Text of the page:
My LWR is about 66 2/3%. I suspect my wife’s would be over 100%. Net Worth only includes investments and cash, I ignore house net value as that is too sketch to identify accurately. Zillow has crazy high values in my neighborhood. Not one house in my area has sold near or above the Zillow estimated value over the last 3 years.
Your readers story has a lot of positives, but he sure needs to get rid of some of that debt. That is some pretty high interest rates 10.5% and 9.75%. Starting a business that requires capital has you paying some high interest rates as you get started. Hopefully his NW can double or triple in 2018.
Totally agree with Zillow – I never went by it either when we used to own. Instead we just had our realtor run comps for us every year or so and then just based the value on that. Ended up selling within $1,000 of the estimate when it came time!
I was shocked to see those debt interest rates too! I’d be hard pressed to find any investments earning more than that interest rate, and if I was losing money on my investments vs debt Id cash it out in a quick hurry! They could be non liquid of course though.
THESE are the kinds of stories I miss reading in the PF world!
The SSA has my SSN on lockdown and won’t let me create an account – wonder if I should be worried! Also I like that I can choose to lock it down myself in case of shady characters (cough, Dad) trying to get my info. Once I get control back of my account, I’m going to do that.
Very strange?? You’ll have to come back and let us know what it is once you’re in :) Or better yet – blog about it and help me make the Lifetime Wealth Ratio go viral! Haha….
Wow I can’t believe they are able to make it on that income with kids. God bless small towns/places with such low costs of living. This coming from someone living in metro Vancouver, BC, Canada which has one of the highest costs of living in the world and my mortgage is $4,500 per month… let’s see whose eyes pop out of their head now :)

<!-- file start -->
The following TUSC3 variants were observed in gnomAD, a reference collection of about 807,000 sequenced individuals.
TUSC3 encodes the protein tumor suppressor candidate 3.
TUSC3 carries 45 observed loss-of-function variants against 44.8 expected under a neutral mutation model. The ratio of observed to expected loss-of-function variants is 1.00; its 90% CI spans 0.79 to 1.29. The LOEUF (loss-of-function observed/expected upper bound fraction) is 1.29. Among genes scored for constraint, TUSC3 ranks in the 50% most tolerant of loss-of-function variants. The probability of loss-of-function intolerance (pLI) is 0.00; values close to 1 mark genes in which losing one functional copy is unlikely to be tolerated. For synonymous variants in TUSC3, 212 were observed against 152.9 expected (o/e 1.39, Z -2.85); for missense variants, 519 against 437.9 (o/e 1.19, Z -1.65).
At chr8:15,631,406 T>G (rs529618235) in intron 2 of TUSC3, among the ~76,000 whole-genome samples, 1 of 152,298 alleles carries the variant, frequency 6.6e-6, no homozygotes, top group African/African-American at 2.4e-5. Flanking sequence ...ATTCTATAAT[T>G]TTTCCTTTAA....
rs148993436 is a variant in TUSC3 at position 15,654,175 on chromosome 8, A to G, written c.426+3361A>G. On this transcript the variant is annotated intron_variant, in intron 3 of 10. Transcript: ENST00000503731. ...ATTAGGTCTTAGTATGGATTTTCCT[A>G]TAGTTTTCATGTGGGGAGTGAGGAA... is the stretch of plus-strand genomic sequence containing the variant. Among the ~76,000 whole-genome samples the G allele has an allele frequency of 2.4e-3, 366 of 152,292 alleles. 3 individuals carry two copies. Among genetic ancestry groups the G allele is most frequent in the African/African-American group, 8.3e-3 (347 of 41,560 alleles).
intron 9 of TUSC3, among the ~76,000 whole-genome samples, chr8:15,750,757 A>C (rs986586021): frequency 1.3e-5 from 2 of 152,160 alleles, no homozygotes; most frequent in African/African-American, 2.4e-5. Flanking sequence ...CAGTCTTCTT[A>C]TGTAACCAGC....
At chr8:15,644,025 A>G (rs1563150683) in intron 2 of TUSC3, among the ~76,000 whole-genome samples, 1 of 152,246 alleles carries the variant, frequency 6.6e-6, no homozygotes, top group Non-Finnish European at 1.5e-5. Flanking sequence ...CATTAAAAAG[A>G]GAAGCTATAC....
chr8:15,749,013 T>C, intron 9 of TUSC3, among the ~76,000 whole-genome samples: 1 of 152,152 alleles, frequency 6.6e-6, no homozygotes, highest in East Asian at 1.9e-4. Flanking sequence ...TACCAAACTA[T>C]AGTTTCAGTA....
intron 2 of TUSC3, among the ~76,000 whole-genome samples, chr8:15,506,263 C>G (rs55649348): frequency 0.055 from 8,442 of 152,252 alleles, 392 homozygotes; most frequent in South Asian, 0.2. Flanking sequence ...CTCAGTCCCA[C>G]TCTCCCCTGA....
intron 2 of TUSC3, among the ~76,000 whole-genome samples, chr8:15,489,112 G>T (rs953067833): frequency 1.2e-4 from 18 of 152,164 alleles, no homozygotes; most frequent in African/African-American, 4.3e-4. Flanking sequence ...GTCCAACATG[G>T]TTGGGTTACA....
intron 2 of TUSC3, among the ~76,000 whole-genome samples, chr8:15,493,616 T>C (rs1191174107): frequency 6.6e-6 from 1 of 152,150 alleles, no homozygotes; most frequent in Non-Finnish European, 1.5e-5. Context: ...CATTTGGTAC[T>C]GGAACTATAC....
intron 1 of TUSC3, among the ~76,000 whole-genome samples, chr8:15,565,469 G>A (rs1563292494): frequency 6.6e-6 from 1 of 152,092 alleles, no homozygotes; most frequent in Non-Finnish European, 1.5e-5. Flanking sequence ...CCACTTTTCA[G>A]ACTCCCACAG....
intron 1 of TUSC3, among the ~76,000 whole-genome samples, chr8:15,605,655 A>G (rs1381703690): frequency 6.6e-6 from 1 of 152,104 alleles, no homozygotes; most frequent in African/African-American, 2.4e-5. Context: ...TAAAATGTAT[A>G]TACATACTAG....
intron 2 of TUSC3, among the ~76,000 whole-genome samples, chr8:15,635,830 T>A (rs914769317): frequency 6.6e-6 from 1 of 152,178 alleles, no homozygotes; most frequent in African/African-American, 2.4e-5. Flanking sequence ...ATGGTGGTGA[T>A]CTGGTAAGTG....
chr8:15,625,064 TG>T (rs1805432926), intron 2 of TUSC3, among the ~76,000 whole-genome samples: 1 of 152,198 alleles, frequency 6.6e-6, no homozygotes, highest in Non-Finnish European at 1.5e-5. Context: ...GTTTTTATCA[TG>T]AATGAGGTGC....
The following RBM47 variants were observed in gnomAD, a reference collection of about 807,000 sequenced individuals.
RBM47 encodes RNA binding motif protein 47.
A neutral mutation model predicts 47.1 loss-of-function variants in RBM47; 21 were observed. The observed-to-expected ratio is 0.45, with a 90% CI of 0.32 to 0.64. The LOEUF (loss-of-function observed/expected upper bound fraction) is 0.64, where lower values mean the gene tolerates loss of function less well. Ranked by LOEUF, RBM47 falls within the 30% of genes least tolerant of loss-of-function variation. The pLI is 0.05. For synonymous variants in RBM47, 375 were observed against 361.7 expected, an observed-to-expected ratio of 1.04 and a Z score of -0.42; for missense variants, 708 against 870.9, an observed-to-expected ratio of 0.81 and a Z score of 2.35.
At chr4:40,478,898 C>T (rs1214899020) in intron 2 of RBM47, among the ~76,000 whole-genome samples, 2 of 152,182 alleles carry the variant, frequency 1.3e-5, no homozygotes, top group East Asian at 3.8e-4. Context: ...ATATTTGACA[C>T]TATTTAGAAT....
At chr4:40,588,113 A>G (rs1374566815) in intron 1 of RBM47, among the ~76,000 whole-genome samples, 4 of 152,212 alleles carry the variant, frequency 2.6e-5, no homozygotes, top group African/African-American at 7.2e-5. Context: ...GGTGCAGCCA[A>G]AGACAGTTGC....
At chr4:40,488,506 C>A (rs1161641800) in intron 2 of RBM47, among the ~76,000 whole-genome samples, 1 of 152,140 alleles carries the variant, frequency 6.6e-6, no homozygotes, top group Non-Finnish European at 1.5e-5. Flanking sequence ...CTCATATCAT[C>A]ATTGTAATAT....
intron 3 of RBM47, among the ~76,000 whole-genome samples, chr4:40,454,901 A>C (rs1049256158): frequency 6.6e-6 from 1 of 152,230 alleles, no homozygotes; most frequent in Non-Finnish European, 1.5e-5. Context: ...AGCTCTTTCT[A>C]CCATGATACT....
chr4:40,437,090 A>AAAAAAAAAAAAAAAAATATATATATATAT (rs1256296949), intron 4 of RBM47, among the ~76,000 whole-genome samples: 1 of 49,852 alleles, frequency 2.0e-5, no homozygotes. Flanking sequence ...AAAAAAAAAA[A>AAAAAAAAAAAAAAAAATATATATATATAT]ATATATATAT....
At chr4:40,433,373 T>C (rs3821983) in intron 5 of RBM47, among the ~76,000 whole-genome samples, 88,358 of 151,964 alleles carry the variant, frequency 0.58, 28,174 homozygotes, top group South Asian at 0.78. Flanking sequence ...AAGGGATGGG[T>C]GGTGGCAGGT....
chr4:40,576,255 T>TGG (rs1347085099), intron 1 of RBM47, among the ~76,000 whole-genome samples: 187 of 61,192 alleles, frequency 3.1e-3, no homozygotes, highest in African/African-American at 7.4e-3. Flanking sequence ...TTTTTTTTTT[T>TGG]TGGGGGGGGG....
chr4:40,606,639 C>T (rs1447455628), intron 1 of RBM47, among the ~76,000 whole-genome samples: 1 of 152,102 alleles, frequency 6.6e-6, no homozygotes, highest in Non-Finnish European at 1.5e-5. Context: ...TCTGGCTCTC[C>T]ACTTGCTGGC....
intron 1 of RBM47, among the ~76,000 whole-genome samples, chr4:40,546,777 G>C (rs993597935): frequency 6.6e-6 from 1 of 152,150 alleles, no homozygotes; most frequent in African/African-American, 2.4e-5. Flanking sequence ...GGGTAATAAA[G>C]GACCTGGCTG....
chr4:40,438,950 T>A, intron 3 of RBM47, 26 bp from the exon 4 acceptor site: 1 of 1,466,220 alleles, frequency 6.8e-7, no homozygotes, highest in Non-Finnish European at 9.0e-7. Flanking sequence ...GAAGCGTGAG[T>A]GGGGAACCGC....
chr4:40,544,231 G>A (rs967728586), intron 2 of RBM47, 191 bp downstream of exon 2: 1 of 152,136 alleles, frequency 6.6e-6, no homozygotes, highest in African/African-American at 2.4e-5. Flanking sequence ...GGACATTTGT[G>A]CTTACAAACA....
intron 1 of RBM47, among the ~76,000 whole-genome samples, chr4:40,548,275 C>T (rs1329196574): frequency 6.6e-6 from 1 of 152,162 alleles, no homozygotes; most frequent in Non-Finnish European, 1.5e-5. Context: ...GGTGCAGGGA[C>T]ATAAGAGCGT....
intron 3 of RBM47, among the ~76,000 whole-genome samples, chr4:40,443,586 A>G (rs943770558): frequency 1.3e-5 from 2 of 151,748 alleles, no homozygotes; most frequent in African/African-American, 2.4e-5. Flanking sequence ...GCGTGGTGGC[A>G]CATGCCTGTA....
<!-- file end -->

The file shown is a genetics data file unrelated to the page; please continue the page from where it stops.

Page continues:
Holy $hit! You are not joking! Haha… Consider my eyes out of my head and rolling down the street :)
i know! Caveats are that we live in a brand new 4,000 sq. ft. custom home that we built.. and earn approximately 300k a year combined. it’s all relative I guess!
that does make me feel better, yes :)
Such transparency in this article. I need to make a timeline, myself. But, my memory would surely fail me. I know for sure I’m failing in the Lifetime Wealth Ratio(TM).
Do it!!! You can work on it slowly over time as well and just update it from time to time :) It’ll put things in SUCH perspective – try it!
Great article — the LWR is an interesting concept, although heavily skewed by investments and time in the market. Gotta love those folks who bought what they knew in the ’90s and invested in, for example, the Starbucks IPO. The returns from something like that are really mind boggling — $10,000 turning into $1.9 million if you never touched it (a big if!!)
Haha yeah – people like to beat themselves up on that (“if only I invested in XyZ!”) but the odds of them staying in for the long haul are so small that they would have just beaten themselves up more even if they *did* invest (“if only I waiting 5 more years to cash out!!”) :) This is partly why I just stick to my index funds so I can be invested in all of it long term and not tempted to do any more timing of the markets… I’m too old for that now, haha…
Chelsea- my eyes are bugging as well….
Accidental Home Birth- So glad you got through that without major hiccups! Makes a great conversation starter…….I do have to say that your financial journey made me need to take a moment of silence…. And just send happy thoughts and good wishes your way. I hope the house sells, the new baby is healthy, the business grows and that 2018 is better than you expected.
I used to play online texas hold’em poker when it was really popular in the late 2000s. It was mainly for fun and didn’t really make a lot of money out of it.
Thanks for sharing your story and providing us your numbers.
Hey, you know what Steve Jobs says: you can only connect the dots looking backwards.
My life story has been nothing short of ordinary either. It’s been a long and tiring journey, but certainly worth it so far.
Just read your bio on your site – sounds like it! Welcome to the land of peace now though it seems, at least career-wise :)
Update from the author:
We sold our rental property last week and walked away with ~$60,000 in proceeds after the mortgage was paid. So, our sole remaining debt is a student loan for ~$42,000! No personal lines of credit, no credit cards, and no car loans remain!
Woohoo!!! I know that I’m blowing my cover, but I’m an open book!
Baby boy #2 should be here anytime in the next few days to few weeks!
Life is good, brother! Thanks for always being so open with this stuff. We need more people talking about finances in real life :)